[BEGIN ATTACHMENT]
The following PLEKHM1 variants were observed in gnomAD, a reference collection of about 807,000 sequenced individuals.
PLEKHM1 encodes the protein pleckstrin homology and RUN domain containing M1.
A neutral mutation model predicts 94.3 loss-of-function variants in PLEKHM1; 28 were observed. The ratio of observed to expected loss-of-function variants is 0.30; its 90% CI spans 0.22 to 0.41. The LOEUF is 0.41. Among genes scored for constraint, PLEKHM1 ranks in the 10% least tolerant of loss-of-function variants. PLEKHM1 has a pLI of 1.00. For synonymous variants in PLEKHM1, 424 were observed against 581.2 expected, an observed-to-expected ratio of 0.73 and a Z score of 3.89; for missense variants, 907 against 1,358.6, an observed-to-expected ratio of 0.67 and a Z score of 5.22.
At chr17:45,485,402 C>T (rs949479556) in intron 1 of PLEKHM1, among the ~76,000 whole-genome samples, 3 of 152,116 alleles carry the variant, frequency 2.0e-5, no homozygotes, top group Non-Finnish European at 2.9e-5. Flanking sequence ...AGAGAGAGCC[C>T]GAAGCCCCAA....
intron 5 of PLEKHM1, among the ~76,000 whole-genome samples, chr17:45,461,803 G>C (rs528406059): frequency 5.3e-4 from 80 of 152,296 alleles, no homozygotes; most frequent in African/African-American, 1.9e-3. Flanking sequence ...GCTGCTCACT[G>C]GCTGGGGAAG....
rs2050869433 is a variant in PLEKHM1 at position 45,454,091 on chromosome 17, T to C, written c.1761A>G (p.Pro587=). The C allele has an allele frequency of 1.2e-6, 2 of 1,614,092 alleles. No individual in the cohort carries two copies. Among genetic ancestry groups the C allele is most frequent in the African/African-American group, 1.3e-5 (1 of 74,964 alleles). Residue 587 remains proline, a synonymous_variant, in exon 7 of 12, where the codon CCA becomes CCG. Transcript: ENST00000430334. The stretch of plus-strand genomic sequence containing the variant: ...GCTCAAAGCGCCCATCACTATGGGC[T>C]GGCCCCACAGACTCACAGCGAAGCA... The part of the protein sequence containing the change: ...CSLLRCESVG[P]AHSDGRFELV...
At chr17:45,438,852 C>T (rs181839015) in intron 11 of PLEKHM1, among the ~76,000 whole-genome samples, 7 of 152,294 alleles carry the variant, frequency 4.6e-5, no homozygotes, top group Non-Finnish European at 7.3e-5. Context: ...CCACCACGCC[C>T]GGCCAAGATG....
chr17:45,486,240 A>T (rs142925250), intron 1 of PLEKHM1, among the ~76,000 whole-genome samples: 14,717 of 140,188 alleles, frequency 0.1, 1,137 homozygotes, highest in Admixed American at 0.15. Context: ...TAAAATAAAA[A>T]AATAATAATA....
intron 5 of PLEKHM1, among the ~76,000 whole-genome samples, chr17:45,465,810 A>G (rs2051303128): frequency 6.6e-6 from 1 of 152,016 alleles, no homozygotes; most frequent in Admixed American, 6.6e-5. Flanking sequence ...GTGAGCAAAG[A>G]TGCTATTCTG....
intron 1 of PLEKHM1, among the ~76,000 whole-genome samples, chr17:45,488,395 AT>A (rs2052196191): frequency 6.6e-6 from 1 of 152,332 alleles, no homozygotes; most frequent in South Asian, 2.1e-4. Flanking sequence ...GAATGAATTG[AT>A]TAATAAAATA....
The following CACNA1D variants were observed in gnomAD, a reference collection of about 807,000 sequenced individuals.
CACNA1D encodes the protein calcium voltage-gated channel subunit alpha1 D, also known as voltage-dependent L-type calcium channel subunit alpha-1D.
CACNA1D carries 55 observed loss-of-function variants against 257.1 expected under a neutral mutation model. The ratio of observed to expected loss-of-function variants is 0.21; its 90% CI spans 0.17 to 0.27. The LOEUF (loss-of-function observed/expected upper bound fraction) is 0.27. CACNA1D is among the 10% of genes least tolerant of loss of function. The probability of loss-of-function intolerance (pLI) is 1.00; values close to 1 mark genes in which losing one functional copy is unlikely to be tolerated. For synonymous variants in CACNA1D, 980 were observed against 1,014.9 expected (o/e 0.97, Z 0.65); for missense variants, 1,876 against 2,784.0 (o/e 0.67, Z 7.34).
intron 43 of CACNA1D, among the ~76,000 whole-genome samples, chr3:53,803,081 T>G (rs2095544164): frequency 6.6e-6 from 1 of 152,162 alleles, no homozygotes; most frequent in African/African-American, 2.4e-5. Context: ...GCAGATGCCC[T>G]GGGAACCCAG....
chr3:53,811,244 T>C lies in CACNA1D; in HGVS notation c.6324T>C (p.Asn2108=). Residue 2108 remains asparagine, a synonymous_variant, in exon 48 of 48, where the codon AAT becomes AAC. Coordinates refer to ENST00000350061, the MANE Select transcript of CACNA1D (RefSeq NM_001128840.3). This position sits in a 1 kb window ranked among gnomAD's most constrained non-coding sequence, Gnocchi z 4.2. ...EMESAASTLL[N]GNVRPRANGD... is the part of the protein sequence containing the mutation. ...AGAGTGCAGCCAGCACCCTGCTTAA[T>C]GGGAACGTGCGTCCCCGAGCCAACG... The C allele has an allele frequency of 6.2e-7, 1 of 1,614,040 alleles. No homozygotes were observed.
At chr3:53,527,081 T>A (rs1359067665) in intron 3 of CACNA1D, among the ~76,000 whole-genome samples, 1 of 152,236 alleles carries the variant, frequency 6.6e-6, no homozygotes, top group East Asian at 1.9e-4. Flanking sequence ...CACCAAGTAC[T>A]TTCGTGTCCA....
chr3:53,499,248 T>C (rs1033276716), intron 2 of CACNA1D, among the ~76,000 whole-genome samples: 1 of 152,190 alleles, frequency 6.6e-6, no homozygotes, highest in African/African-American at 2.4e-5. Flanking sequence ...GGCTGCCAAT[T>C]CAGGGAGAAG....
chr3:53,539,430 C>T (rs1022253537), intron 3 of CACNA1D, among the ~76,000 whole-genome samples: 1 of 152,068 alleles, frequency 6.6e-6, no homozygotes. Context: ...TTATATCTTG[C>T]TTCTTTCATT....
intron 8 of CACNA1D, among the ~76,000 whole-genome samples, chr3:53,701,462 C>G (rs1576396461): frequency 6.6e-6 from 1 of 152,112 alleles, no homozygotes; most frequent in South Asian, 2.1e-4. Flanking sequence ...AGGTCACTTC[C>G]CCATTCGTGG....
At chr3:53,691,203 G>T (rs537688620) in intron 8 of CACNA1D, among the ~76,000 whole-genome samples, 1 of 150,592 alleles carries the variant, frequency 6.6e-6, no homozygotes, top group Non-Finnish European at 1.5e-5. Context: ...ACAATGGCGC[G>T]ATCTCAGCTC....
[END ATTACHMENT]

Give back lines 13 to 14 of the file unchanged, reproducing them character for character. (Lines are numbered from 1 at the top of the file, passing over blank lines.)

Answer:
CACNA1D carries 55 observed loss-of-function variants against 257.1 expected under a neutral mutation model. The ratio of observed to expected loss-of-function variants is 0.21; its 90% CI spans 0.17 to 0.27. The LOEUF (loss-of-function observed/expected upper bound fraction) is 0.27. CACNA1D is among the 10% of genes least tolerant of loss of function. The probability of loss-of-function intolerance (pLI) is 1.00; values close to 1 mark genes in which losing one functional copy is unlikely to be tolerated. For synonymous variants in CACNA1D, 980 were observed against 1,014.9 expected (o/e 0.97, Z 0.65); for missense variants, 1,876 against 2,784.0 (o/e 0.67, Z 7.34).
intron 43 of CACNA1D, among the ~76,000 whole-genome samples, chr3:53,803,081 T>G (rs2095544164): frequency 6.6e-6 from 1 of 152,162 alleles, no homozygotes; most frequent in African/African-American, 2.4e-5. Context: ...GCAGATGCCC[T>G]GGGAACCCAG....